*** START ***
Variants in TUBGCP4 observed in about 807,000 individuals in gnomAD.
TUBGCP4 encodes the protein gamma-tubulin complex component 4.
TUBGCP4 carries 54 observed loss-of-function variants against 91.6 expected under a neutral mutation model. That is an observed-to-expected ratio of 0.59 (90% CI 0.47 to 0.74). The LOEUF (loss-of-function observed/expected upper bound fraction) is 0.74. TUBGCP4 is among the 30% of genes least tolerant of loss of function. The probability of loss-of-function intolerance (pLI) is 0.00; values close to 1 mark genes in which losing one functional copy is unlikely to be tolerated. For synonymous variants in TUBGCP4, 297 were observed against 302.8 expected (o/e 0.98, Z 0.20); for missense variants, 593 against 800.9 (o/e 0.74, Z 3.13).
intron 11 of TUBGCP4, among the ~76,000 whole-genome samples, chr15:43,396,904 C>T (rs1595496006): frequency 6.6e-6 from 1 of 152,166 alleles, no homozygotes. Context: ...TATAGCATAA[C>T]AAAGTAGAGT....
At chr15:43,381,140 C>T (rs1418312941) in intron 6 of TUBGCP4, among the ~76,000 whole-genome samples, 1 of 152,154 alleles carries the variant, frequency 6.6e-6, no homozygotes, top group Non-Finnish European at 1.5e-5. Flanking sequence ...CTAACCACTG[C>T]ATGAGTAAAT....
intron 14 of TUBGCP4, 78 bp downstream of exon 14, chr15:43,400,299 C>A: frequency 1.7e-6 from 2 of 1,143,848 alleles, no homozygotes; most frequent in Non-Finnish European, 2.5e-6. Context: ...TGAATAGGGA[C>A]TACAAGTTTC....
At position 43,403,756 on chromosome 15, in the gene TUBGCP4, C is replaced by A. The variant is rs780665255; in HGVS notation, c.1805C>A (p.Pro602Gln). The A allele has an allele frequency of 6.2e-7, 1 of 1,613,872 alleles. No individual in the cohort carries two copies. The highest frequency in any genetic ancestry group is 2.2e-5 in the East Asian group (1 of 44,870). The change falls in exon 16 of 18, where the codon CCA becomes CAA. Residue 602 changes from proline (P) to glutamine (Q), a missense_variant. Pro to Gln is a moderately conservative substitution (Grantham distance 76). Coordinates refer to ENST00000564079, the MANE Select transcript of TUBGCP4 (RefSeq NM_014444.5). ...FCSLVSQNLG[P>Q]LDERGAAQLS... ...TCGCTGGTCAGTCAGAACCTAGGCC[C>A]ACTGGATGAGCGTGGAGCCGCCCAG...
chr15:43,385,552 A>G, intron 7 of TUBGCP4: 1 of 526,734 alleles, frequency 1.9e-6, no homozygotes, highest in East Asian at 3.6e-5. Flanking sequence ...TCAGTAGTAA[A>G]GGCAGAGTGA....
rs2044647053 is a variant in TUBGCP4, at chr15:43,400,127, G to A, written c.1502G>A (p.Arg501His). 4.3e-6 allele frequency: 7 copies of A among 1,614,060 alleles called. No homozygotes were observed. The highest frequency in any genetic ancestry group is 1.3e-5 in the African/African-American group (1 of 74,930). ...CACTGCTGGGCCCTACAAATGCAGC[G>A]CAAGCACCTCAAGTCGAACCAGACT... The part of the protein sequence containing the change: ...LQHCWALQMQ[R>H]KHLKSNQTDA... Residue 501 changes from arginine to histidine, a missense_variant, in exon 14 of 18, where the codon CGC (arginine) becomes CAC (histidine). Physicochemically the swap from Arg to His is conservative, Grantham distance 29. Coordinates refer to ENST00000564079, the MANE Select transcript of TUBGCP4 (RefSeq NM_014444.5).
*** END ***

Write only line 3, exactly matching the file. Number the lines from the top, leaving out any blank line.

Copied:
TUBGCP4 carries 54 observed loss-of-function variants against 91.6 expected under a neutral mutation model. That is an observed-to-expected ratio of 0.59 (90% CI 0.47 to 0.74). The LOEUF (loss-of-function observed/expected upper bound fraction) is 0.74. TUBGCP4 is among the 30% of genes least tolerant of loss of function. The probability of loss-of-function intolerance (pLI) is 0.00; values close to 1 mark genes in which losing one functional copy is unlikely to be tolerated. For synonymous variants in TUBGCP4, 297 were observed against 302.8 expected (o/e 0.98, Z 0.20); for missense variants, 593 against 800.9 (o/e 0.74, Z 3.13).